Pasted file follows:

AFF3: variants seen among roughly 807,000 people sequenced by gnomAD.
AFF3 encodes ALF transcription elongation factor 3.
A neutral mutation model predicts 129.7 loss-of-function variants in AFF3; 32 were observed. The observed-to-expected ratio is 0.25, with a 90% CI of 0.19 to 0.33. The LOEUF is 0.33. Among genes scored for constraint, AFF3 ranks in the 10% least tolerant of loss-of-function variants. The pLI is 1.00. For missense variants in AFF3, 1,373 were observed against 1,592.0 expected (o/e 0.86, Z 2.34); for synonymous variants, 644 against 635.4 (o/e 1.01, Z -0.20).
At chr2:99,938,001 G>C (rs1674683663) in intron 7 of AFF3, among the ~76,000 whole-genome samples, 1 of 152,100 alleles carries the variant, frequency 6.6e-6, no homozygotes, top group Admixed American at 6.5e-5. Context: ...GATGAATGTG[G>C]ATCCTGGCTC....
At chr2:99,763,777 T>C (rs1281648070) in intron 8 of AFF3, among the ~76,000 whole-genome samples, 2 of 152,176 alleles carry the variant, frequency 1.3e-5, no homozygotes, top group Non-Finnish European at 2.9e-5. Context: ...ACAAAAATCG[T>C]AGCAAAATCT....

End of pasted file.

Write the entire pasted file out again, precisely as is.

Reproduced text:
AFF3: variants seen among roughly 807,000 people sequenced by gnomAD.
AFF3 encodes ALF transcription elongation factor 3.
A neutral mutation model predicts 129.7 loss-of-function variants in AFF3; 32 were observed. The observed-to-expected ratio is 0.25, with a 90% CI of 0.19 to 0.33. The LOEUF is 0.33. Among genes scored for constraint, AFF3 ranks in the 10% least tolerant of loss-of-function variants. The pLI is 1.00. For missense variants in AFF3, 1,373 were observed against 1,592.0 expected (o/e 0.86, Z 2.34); for synonymous variants, 644 against 635.4 (o/e 1.01, Z -0.20).
At chr2:99,938,001 G>C (rs1674683663) in intron 7 of AFF3, among the ~76,000 whole-genome samples, 1 of 152,100 alleles carries the variant, frequency 6.6e-6, no homozygotes, top group Admixed American at 6.5e-5. Context: ...GATGAATGTG[G>C]ATCCTGGCTC....
At chr2:99,763,777 T>C (rs1281648070) in intron 8 of AFF3, among the ~76,000 whole-genome samples, 2 of 152,176 alleles carry the variant, frequency 1.3e-5, no homozygotes, top group Non-Finnish European at 2.9e-5. Context: ...ACAAAAATCG[T>C]AGCAAAATCT....